In a cross-listed course between differing student levels, it is important to determine whether higher-level students will need additional expectations or outcomes to frame their learning. To avoid an imbalanced set of expectations that may feel too high for some and too low for others, tailor outcomes for each specific student group. Huss-Keeler and Brown (2007) found that the students in their study appreciated a ‘divide-and-conquer’ approach on the first day. In other words, address different student levels at different times during the first class to set expectations and avoid confusion as to which groups are expected to meet specific goals. To maximize learning time, create an activity for student groups that are not being addressed. 

Similarly, when lecturing it is important to be receptive to what is needed in the moment. Ask, should I provide a step-by-step process or a general overview for my students? Is it possible to do both without using too much class time to meet each student group’s experience level?

2. Provide an adequate prerequisite review of the material for all student groups by utilizing open educational resources (OER).

Whether you are teaching a class with more advanced learners or students with little knowledge on the subject, prerequisite material can aid students in contextualizing the topic at hand. Duncan et al. (2015) found that supplemental readings or literature that replaced a traditional textbook enhanced learning. Likewise, Huss-Keeler and Brown (2007) noted that in-depth course materials and opportunities for reflection, especially for more advanced learners, were necessary to meet student needs and foster academic growth. For instance, providing a list of prerequisite skills and links to relevant readings and videos prior to a session may mitigate gaps in knowledge among students.  Additionally, students were able to ask questions on prerequisite material, which encouraged discussion between the instructor and other students (Battle et al., 2020, p. 7).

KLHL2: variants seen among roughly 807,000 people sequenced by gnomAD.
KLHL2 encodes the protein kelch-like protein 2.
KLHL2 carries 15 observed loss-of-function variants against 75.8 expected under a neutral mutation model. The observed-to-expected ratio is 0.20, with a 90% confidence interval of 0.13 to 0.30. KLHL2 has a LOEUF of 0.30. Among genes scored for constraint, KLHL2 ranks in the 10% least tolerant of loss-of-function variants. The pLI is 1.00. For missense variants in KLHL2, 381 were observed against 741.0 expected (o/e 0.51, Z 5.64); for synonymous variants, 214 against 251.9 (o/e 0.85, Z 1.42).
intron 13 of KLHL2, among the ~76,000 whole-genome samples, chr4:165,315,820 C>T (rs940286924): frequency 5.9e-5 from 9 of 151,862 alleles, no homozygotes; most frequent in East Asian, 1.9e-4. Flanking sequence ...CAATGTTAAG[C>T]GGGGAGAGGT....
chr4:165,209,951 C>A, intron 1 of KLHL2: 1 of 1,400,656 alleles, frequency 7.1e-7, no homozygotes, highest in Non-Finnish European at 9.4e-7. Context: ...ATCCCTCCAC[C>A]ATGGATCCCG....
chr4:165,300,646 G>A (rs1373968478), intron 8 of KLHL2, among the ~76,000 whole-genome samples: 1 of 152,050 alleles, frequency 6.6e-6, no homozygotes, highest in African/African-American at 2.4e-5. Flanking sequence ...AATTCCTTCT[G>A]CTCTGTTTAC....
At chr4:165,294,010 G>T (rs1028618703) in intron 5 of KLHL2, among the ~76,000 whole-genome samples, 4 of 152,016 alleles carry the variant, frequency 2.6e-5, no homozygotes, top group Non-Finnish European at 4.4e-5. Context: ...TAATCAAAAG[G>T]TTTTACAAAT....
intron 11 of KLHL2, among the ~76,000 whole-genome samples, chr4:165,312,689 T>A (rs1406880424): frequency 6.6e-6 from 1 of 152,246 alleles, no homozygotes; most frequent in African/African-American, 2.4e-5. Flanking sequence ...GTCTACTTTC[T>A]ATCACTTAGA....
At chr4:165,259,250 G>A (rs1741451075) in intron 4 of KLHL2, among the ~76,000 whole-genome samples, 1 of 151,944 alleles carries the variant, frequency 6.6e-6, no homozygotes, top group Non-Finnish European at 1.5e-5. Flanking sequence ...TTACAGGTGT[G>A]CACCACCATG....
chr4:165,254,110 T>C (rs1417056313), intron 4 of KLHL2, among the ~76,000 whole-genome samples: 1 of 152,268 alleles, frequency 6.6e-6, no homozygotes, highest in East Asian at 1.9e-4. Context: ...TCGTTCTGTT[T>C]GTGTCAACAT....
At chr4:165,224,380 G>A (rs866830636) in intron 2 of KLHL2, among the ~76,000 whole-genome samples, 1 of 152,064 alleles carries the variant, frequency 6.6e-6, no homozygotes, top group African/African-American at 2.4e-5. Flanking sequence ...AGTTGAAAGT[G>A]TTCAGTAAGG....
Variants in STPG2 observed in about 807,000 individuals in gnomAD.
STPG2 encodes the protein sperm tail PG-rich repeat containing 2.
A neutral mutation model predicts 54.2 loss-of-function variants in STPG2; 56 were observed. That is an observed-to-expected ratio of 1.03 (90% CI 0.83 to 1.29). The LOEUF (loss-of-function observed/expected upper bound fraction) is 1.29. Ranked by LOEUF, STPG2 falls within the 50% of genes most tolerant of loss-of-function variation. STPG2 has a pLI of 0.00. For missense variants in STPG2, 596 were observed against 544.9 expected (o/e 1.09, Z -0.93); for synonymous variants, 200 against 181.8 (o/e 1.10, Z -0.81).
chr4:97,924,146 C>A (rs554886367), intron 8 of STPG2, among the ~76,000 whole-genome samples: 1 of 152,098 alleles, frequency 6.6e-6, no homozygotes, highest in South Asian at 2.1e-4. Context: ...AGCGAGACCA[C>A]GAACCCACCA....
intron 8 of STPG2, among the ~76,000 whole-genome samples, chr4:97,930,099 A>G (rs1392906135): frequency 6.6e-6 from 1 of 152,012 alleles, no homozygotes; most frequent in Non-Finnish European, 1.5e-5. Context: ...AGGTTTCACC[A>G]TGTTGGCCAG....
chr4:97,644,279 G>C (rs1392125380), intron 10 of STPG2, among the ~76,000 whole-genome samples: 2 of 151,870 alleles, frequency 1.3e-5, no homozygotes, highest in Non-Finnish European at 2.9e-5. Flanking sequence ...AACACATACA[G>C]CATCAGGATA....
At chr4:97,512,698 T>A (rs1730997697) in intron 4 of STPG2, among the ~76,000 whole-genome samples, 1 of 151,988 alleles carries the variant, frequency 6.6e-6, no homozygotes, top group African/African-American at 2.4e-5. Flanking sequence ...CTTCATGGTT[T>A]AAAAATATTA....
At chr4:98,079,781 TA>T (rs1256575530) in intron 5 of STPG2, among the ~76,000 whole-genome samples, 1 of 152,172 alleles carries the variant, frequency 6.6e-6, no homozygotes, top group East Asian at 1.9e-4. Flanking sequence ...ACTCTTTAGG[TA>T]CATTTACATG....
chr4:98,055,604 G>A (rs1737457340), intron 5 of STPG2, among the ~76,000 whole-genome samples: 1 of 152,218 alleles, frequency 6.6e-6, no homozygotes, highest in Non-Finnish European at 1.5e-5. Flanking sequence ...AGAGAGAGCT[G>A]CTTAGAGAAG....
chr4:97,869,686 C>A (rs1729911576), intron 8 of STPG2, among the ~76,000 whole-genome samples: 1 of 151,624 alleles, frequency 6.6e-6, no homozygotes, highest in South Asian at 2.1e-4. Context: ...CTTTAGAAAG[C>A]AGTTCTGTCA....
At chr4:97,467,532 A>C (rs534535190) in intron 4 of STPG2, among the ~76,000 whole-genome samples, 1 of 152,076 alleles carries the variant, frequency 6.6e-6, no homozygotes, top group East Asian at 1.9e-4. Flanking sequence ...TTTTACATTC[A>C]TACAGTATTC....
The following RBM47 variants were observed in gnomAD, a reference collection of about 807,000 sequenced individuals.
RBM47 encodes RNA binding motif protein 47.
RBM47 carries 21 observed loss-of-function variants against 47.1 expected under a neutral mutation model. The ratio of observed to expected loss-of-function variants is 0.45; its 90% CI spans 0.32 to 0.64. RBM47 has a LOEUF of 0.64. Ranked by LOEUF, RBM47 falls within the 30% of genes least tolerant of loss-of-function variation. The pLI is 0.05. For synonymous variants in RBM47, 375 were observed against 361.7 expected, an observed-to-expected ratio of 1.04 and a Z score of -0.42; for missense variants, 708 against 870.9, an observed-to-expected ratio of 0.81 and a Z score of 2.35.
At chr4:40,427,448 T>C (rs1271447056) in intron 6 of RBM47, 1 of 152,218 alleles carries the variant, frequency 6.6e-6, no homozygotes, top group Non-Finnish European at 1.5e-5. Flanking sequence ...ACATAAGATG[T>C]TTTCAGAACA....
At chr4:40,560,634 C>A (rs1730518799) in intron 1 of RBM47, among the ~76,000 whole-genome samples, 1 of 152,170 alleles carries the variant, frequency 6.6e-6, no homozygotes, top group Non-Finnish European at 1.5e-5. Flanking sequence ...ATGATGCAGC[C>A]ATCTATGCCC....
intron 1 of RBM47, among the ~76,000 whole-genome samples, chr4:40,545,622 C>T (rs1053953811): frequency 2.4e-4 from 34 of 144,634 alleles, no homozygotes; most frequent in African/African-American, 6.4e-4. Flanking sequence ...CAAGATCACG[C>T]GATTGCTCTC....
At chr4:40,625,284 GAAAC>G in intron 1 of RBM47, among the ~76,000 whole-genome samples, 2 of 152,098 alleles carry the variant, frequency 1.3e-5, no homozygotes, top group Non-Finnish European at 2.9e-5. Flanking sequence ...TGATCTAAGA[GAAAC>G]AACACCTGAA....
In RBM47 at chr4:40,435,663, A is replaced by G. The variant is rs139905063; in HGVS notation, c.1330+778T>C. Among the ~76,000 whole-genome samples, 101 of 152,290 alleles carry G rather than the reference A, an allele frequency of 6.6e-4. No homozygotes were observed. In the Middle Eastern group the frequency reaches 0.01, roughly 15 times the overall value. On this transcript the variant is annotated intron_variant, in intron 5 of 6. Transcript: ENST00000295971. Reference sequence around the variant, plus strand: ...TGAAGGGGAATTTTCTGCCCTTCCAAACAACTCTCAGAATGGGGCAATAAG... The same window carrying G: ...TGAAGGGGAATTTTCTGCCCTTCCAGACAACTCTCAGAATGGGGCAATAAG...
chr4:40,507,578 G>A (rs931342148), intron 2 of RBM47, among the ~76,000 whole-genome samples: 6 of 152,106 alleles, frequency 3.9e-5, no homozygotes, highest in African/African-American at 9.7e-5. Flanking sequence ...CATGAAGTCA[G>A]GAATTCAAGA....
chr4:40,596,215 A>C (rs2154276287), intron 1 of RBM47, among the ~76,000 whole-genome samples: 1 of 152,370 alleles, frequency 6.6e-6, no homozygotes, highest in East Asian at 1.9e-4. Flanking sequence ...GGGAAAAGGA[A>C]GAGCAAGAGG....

3. Make use of informal assessments of learning to better understand student comprehension and course structure. 

Pre- and post-tests graded on completion can be an effective tool to gear activities and assignments to the level students are at. Sobek and Cole (2017) contend that when implementing these informal assessments, taking away the pressure of a letter-grade can mitigate bias (such as using outside sources to answer an online quiz question) and permit an accurate assessment of student comprehension.